the tournament, Kate Russell has the ideal destination next
Rio has always been a colourful city
but right now it's flying the flags of the world
as Brazil hosts the World Cup.
Big sporting events like this really benefit
from the second screen experience.
At Sportlobster you can connect to Fanzone,
a social space for sporting fans of every flavour.
Tell the app which sports, teams and events you follow
and it will connect you with like-minded fans from your networks,
as well as some big sporting celebs like Michael Owen, Giorgio Cellini
and Cristiano Ronaldo.
With free apps for android and IOS you can chat with other fans,
read blogs and articles and get live match data throughout the series.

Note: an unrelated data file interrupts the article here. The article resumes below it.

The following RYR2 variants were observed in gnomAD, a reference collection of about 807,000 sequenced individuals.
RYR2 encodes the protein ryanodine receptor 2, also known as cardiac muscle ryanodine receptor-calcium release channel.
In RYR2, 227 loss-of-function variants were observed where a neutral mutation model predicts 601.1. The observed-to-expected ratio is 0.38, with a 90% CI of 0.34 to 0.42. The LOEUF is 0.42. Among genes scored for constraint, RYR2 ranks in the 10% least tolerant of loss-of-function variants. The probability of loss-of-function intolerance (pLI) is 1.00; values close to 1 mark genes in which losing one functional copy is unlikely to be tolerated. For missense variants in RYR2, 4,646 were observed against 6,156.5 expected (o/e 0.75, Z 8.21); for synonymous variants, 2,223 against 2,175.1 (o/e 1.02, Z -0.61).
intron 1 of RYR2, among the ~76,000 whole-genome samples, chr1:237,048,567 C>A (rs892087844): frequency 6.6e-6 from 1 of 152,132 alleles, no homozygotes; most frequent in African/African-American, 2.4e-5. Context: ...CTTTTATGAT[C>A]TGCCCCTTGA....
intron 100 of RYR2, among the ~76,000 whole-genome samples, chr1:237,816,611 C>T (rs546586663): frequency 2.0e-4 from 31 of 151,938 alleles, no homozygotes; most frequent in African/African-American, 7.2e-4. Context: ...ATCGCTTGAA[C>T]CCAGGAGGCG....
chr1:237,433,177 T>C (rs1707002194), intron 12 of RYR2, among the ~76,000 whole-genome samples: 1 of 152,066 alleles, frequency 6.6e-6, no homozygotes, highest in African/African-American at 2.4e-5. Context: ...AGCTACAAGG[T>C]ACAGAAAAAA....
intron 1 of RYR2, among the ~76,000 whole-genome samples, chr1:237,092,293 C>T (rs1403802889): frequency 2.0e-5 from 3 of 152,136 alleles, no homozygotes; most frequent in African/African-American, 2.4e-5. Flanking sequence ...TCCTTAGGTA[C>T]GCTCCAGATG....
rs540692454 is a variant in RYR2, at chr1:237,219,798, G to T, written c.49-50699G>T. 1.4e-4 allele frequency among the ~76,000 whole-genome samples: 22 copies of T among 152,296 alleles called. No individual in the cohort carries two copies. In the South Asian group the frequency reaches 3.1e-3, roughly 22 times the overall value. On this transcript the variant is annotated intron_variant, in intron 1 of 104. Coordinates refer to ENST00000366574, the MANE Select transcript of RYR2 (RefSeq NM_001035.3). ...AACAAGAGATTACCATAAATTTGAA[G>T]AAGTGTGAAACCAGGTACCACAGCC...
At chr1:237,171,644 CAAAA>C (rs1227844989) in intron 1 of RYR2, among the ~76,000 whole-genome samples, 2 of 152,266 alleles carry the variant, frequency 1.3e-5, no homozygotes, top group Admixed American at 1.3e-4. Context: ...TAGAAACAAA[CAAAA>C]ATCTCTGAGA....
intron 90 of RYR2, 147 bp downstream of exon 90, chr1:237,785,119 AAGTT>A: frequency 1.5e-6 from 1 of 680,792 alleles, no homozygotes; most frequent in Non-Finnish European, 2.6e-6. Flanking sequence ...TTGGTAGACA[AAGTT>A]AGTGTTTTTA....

Of course, the big social platforms
aren't going to miss the World Cup bandwagon.
Facebook is battling for social striker spot
with an interactive hub feeding the latest scores and highlights
from matches, as well as posts from friends, players and teams.
While tweeting tournament junkies can sign up for some dream team action
with a special World Cup profile tool.
Just head to Twitter.com/i/t/worldcup to set it up
and you'll unlock custom profile images, header photos,
real-time scores and highlights, and a bunch of good people
to follow throughout the World Cup series.
If you're the unsociable type and just want to know
when the matches are, at worldcupkickoff.com
you can subscribe to a daily e-mail reminder
or download the desktop and mobile calendar,
which integrates with your regular calendar for minimum digital fuss.
The sun comes up today at 6.42 and it'll set tonight at 11.30.
Gain of daylight, one minute 48 seconds.
Somewhere in the world the sun is rising and where the sun rises,
there is breakfast radio,
playing its cheery mix of music, chatter and travel bulletins